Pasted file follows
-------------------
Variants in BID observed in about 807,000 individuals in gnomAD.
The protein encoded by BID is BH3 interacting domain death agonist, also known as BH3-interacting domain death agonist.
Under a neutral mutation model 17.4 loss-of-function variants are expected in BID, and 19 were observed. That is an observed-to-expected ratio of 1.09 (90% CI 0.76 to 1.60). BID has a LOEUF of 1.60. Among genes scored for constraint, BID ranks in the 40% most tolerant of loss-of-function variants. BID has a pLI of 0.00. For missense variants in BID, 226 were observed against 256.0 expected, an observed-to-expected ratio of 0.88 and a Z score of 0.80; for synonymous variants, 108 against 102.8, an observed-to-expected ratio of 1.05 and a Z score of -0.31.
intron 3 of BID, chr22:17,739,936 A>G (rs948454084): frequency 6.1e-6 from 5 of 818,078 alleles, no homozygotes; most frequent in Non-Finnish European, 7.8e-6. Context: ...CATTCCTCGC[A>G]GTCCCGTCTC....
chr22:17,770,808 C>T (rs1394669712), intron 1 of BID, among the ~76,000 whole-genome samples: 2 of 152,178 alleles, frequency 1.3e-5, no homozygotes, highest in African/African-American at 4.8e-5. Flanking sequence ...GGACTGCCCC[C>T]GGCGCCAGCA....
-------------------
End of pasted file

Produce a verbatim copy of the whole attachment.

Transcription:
Variants in BID observed in about 807,000 individuals in gnomAD.
The protein encoded by BID is BH3 interacting domain death agonist, also known as BH3-interacting domain death agonist.
Under a neutral mutation model 17.4 loss-of-function variants are expected in BID, and 19 were observed. That is an observed-to-expected ratio of 1.09 (90% CI 0.76 to 1.60). BID has a LOEUF of 1.60. Among genes scored for constraint, BID ranks in the 40% most tolerant of loss-of-function variants. BID has a pLI of 0.00. For missense variants in BID, 226 were observed against 256.0 expected, an observed-to-expected ratio of 0.88 and a Z score of 0.80; for synonymous variants, 108 against 102.8, an observed-to-expected ratio of 1.05 and a Z score of -0.31.
intron 3 of BID, chr22:17,739,936 A>G (rs948454084): frequency 6.1e-6 from 5 of 818,078 alleles, no homozygotes; most frequent in Non-Finnish European, 7.8e-6. Context: ...CATTCCTCGC[A>G]GTCCCGTCTC....
chr22:17,770,808 C>T (rs1394669712), intron 1 of BID, among the ~76,000 whole-genome samples: 2 of 152,178 alleles, frequency 1.3e-5, no homozygotes, highest in African/African-American at 4.8e-5. Flanking sequence ...GGACTGCCCC[C>T]GGCGCCAGCA....